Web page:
“Don’t freak out.” Such great advice. While we’re at it, let’s also “not get sick,” “not feel pain,” and “not die, ever.” And, please, someone tell the climate not to warm up.
Seriously, how do you not freak out? How exactly do you go about it? I mean, sometimes the world is just an unholy mess and it hurls real stinkers at you: you lose your job, you have an accident, you get seriously ill, a loved one dies. What do you do to “not freak out”? Is there anything you can do?
Well, yes. Actually, there is.
Let’s begin by taking a look at a human brain. You can think of a human brain as having two separate areas:
One is the observation deck. This is where you perceive the world. It’s where the outside world first registers in your brain:
The other is the control station. This is where the sensory inputs received at the observation deck turn into actions:
The observation deck and the control station have complementary functions. The observation deck is where inputs are perceived, while the control station is where outputs are generated. If someone insults you, that insult ends up being recognized at the observation deck. If you then shout back in anger, that’s buttons being pressed at the control station. It’s the same with hearing bad news (an input at the observation deck) and then breaking out in tears (an output at the control station); failing to reach a loved one by phone (input) and then becoming anxious (output); or feeling a wasp land on your nose (input) and then flailing with your arms in terror (output).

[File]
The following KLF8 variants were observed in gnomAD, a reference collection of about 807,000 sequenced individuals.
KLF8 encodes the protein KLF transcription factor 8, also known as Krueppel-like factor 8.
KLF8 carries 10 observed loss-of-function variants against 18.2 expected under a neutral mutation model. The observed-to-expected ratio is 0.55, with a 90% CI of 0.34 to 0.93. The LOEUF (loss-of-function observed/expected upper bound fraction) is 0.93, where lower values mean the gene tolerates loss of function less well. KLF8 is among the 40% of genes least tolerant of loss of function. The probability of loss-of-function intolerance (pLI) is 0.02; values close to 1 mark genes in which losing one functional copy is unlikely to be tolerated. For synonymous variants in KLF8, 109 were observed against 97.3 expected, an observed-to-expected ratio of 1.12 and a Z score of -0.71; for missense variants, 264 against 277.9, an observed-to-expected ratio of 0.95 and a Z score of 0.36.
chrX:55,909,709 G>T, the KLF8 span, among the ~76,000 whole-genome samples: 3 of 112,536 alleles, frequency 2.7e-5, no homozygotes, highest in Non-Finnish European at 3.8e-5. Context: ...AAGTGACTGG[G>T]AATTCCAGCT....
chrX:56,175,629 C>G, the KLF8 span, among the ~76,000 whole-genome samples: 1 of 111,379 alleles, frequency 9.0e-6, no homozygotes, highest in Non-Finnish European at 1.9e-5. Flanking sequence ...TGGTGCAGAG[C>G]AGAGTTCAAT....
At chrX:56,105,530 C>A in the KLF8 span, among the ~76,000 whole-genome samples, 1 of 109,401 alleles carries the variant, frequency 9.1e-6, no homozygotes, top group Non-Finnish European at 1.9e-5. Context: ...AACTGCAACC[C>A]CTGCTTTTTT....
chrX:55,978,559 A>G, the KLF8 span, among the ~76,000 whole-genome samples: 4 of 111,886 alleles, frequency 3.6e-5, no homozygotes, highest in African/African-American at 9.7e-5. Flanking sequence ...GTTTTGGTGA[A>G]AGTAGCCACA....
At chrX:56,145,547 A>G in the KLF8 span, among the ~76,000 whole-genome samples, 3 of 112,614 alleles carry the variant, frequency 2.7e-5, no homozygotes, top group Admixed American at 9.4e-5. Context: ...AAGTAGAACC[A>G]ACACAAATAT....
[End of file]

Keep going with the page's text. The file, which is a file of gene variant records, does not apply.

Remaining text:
Both the observation deck and the control station are operated by your Primitive Self:
The Primitive Self is a mess. He has the temper of the Tasmanian Devil, the self-control of a leg-humping puppy, the sense of justice of an egomaniac, the wisdom of a newborn, and he’s more anxious than I would be on a camping trip to the zombie-infested world of The Walking Dead. But, unfortunately, he’s the one in charge of our emotions and reactions.
He’s the one standing on the observation deck watching for sensory inputs to see what’s going on out there in the world:
And he’s also the one pushing all the buttons at the control station, making you act in all sorts of self-defeating ways:
You might be asking who’s idea it was to put the Primitive Self in charge. Well, Evolution’s of course. She brought him on board millions of years ago. And back then he did a good enough job, keeping your ancestors alive long enough to reproduce. But nowadays he usually does more harm than good. And for better or worse, you’re stuck with him. Evolution hired him for life and you can’t talk to Evolution. She won’t listen and doesn’t care.